The Move Toward Violence, 1953-55The failure of the British to offer any hope of a change in Cyprus=s colonial status was met by Greek Cypriots with a growing surge toward militancy, particularly (and perhaps exclusively) by those insisting in enosis. Greek scholar Ioannis Stefanidis explains this in Isle of Discord.

1955 Armed violence against British begun by Grivas & EOKA. Küçük renames National Union Party as Cyprus is Turkish Party. London Conference: Britain invited Greece & Turkey to discuss problems, including Cyprus. Conference ended without agreement. Riots orchestrated in Istanbul. Gov. Harding cracks down on EOKA.

1956 Negotiations for self-government. Makarios deported. Violence & repression intensifies. EOKA targets police, GCs as well as British murdered. GCs in police replaced by TCs; some TCs are casualties of EOKA terrorism. Radcliffe Plan for self-governance rejected; first official reference to partition.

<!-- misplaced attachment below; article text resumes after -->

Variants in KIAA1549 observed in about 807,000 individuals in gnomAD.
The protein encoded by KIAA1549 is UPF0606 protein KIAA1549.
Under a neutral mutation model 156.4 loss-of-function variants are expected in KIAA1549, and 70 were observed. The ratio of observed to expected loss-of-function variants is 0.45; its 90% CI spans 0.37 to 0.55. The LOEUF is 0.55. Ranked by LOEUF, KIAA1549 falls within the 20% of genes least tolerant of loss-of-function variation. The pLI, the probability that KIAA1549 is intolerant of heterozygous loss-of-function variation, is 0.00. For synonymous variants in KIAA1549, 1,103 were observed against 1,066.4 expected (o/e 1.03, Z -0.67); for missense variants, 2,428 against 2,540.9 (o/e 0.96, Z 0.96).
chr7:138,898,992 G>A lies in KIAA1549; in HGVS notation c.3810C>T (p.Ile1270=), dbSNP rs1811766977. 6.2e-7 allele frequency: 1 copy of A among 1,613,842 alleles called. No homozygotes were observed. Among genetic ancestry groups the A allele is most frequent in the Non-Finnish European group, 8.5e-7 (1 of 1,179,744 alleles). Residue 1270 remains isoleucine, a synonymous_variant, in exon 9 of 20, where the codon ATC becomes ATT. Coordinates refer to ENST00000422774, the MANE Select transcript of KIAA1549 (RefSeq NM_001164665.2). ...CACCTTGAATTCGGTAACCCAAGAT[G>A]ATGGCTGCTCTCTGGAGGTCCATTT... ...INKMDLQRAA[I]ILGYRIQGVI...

1957 Bombing kills one TC, wounding three; TCs retaliated. TC riots in Nicosia against British forces; seven TCs killed. Trade unions joint appeal for calm. EOKA cease fire, release of Makarios to Athens. TC demand for "taksim"; rise of TMT. Demand for Turkish army base. Governor Foot pursues new policy of conciliation.

1958 Plan for self-government postponed sovereignty issue; rejected by Turkey. TCs riot for partition. EOKA boycott of British, end of year-long ceasefire. Turkish Cypriot PIO office bombed, EOKA blamed (later established that TC extremists responsible). TC violence against GCs in Nicosia, 8 GCs killed near Guenyeli. MacMillan plan involving Greece & Turkey; some implementation begun. EOKA targets TCs; villages burned. Intercommunal ceasefire. Makarios announced he would agree to guaranteed independence